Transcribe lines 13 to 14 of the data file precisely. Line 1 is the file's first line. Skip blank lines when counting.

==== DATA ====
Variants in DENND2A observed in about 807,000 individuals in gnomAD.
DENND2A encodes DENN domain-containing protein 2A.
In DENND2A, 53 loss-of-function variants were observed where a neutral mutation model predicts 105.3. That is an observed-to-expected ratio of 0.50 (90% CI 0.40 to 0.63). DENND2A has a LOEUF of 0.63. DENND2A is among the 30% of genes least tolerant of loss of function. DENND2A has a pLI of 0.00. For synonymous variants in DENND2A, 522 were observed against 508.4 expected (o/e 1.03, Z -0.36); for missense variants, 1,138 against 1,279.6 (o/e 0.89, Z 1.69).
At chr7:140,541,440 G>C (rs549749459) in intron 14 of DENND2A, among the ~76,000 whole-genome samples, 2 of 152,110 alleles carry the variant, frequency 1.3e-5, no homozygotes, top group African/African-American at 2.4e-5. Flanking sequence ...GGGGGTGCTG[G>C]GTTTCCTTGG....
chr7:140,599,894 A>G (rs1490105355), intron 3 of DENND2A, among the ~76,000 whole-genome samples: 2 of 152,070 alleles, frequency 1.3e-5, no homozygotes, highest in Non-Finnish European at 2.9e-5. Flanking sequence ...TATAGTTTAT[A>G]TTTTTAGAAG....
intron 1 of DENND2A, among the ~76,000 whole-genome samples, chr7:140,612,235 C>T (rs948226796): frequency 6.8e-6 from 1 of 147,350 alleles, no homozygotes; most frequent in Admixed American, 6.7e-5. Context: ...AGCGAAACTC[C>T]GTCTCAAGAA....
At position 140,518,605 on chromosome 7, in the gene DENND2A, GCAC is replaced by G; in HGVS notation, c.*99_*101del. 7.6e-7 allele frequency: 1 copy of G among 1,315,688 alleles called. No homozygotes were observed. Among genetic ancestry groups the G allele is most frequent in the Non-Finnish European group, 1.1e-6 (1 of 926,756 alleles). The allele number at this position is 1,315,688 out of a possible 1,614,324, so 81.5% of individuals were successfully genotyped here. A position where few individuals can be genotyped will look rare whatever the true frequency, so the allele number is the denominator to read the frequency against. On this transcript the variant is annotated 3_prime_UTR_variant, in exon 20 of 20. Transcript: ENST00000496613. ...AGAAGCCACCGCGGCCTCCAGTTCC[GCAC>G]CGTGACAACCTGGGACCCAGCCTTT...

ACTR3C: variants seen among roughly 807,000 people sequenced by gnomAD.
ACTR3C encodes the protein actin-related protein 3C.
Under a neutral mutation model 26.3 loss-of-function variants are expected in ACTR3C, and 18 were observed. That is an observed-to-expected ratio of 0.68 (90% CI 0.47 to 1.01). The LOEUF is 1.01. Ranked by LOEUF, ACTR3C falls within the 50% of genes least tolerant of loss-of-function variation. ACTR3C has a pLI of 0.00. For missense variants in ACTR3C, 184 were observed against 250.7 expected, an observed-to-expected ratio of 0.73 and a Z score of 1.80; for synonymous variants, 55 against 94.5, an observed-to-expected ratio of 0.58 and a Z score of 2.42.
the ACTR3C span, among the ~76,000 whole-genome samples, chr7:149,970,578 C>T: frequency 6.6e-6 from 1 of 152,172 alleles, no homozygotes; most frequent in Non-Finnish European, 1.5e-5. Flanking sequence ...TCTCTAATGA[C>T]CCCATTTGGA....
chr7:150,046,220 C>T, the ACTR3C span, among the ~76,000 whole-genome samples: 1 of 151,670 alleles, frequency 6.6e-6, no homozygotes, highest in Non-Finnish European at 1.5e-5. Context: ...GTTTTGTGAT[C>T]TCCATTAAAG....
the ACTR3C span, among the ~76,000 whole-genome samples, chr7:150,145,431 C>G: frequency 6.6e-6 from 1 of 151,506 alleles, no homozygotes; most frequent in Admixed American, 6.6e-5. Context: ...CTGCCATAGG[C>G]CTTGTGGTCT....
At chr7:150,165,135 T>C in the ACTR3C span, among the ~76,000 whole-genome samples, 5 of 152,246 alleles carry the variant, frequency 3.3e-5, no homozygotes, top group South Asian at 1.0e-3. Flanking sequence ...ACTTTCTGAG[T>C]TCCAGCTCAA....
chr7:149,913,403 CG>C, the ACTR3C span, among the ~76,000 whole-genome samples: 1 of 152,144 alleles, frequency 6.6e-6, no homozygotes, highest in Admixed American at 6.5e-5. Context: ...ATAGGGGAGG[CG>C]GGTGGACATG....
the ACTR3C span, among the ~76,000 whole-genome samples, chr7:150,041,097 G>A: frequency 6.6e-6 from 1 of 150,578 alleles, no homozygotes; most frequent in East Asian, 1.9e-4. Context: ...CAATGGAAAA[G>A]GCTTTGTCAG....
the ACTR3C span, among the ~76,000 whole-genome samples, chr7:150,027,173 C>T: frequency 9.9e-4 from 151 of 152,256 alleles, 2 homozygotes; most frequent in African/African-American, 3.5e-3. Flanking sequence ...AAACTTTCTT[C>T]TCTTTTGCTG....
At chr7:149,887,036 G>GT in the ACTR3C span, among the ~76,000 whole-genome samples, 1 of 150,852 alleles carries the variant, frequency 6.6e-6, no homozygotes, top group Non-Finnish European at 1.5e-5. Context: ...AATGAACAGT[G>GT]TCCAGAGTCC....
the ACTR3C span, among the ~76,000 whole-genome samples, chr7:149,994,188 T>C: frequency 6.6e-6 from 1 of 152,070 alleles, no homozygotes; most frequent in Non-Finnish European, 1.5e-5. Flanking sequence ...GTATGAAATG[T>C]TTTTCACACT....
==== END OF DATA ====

the ACTR3C span, among the ~76,000 whole-genome samples, chr7:150,145,431 C>G: frequency 6.6e-6 from 1 of 151,506 alleles, no homozygotes; most frequent in Admixed American, 6.6e-5. Context: ...CTGCCATAGG[C>G]CTTGTGGTCT....
At chr7:150,165,135 T>C in the ACTR3C span, among the ~76,000 whole-genome samples, 5 of 152,246 alleles carry the variant, frequency 3.3e-5, no homozygotes, top group South Asian at 1.0e-3. Flanking sequence ...ACTTTCTGAG[T>C]TCCAGCTCAA....